China's Tech Giants Respond to Gender Disparity Allegations

Alibaba, Baidu, and Tencent were among the firms the Human Rights Watch alleged had used unfair hiring practices, bringing the companies' and world's focus to the issue.

Anna Vodopyanova
    Apr 24, 2018 4:08 PM  PT
China's Tech Giants Respond to Gender Disparity Allegations
author: Anna Vodopyanova   

The Human Rights Watch raised a concern about increased gender discrimination in employment practices of certain top Chinese firms, causing some to react with promises of improvement.

In a report released on Monday, the group alleged certain major Chinese tech companies, including Baidu Inc. (Nasdaq: BIDU), Tencent Holdings Ltd., and Alibaba Group Holding Ltd. (NYSE: BABA), posted hiring ads, which contained language such as "men only."

The report also said some recruitment ads lured male candidates by saying "goddesses" were working there, and included photos of female employees, where they were described as "late-night benefits."

Other job postings, the report noted, called for women candidates, but required applicants to have a specific appearance, or marital status.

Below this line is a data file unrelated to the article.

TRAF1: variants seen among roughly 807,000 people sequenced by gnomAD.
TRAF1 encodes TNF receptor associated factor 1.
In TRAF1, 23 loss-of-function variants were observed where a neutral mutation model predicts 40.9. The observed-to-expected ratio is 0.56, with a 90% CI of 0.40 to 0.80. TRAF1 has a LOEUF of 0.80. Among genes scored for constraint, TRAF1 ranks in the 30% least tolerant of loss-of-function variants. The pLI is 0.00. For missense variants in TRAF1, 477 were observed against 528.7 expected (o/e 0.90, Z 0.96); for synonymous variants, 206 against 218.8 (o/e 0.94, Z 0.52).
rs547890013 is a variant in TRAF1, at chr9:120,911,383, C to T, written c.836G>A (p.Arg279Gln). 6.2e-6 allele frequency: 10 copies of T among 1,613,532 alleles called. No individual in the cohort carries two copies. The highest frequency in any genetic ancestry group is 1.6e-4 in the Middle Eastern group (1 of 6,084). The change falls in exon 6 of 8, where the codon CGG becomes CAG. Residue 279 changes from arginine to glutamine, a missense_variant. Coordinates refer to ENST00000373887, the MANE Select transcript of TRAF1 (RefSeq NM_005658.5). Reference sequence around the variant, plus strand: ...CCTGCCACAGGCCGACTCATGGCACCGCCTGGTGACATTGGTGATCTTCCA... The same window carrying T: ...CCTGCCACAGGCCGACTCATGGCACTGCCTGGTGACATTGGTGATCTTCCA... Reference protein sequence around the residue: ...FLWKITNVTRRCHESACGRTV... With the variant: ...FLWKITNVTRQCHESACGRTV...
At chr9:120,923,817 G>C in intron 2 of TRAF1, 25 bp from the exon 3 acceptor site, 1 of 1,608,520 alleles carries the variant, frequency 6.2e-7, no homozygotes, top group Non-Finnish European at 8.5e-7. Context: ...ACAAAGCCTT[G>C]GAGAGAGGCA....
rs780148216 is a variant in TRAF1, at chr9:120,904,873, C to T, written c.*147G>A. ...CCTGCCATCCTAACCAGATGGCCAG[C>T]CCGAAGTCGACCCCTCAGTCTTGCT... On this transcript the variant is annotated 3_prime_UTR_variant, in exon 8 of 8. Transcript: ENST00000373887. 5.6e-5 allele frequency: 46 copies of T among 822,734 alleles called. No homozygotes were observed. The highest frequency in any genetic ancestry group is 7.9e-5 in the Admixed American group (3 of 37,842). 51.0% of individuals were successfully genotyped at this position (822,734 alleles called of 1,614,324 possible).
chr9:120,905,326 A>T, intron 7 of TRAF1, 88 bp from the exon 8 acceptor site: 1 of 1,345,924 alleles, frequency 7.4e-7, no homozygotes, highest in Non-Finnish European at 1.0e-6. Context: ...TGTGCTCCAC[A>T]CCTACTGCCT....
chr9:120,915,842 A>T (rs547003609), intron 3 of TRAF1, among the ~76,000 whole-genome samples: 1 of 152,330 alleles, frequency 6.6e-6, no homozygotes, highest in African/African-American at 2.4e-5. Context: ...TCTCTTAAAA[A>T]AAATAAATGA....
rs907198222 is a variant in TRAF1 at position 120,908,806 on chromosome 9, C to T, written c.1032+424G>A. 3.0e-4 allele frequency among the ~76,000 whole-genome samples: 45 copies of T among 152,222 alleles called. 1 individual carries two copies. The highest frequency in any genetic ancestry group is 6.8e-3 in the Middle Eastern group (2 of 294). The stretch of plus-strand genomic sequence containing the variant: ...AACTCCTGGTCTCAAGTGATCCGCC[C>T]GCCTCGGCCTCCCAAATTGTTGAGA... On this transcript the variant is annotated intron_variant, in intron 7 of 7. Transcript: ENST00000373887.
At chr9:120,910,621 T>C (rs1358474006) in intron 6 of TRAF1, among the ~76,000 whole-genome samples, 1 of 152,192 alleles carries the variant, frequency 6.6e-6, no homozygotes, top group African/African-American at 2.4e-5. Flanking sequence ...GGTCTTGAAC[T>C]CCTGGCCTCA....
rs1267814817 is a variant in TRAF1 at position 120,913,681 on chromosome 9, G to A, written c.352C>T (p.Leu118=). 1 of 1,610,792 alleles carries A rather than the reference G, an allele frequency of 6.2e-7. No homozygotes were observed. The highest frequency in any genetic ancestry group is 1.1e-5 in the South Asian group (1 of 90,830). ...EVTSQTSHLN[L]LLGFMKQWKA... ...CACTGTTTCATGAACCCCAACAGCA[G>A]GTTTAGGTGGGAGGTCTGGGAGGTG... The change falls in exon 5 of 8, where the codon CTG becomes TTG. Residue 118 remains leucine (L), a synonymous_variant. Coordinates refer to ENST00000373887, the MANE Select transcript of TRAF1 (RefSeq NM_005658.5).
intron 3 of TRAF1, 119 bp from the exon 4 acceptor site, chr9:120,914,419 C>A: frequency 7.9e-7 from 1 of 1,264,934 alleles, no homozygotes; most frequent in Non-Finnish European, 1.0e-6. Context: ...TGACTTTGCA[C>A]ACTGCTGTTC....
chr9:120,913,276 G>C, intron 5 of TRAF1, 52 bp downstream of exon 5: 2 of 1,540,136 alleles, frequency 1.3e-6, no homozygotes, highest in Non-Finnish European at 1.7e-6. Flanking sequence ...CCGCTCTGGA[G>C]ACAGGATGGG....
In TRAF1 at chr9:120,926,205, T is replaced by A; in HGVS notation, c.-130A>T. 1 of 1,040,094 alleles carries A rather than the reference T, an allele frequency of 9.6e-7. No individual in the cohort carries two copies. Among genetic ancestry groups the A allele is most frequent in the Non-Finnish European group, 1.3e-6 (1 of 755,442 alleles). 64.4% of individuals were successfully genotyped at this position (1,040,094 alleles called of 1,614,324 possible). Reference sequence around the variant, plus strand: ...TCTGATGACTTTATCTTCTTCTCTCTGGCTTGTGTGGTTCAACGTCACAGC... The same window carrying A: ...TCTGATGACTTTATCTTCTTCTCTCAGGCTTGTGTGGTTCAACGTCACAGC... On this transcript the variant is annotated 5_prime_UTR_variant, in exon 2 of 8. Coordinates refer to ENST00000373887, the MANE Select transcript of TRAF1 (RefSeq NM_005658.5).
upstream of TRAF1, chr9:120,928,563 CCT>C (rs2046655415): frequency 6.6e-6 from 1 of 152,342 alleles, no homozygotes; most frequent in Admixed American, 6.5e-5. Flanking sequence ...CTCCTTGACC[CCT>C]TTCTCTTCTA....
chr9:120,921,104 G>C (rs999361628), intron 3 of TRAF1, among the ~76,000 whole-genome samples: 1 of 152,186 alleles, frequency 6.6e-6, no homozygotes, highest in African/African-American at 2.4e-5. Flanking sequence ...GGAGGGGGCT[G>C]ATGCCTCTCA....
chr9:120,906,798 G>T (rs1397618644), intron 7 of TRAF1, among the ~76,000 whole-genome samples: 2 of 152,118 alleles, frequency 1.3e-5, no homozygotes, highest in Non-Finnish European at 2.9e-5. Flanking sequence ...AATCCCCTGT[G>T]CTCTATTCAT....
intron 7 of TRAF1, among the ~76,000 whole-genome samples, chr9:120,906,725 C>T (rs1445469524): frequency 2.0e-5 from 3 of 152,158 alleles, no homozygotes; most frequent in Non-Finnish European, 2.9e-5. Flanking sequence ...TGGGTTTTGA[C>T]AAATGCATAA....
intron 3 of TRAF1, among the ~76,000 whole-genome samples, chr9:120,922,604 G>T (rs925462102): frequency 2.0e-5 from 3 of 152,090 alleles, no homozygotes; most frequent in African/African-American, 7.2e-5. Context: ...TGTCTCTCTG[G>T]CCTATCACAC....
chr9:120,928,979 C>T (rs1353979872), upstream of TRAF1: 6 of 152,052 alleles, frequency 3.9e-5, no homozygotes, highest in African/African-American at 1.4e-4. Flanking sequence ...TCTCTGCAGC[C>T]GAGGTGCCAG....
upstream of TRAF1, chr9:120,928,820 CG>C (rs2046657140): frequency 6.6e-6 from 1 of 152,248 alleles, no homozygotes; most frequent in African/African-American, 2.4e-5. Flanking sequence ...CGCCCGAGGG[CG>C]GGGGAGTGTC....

Chinese laws prohibited gender discrimination in hiring, but failed to enforce the measures, and even government ads often ask for male applicants, the report said. As an example, 55 percent of jobs advertised by the Ministry of Public Security in 2017 specified only men need apply. No women held leading positions at the Party Congress concluded in October.

Data showed the situation has only worsened for the female labor force in China in the last ten years. In 2017, 63 percent of women were employed, 3 percent less than in 2007. Additionally, the pay gap in the cities has widened, said the Human Rights group.

According to last year's report by the World Economic Forum, China fell to 100th position out of 144 countries ranked on gender parity. By comparison, in 2008, the country had ranked in 57th place.

The results "reflect traditional and deeply discriminatory views" on women's roles and capabilities in China's culture, the report said. Another factor driving gender discrimination, mentioned in the report, is a lack of male employees in certain areas, like teaching.

"We have investigated these incidents and are making immediate changes. We are sorry they occurred, and we will take swift action to ensure they do not happen again," Tencent said in a statement.

An Alibaba spokeswoman said the company "will conduct stricter reviews of the recruiting advertisements to ensure compliance with our policy."

A Baidu spokeswoman said the discriminatory postings were "isolated instances."

(Reuters contributed to this article)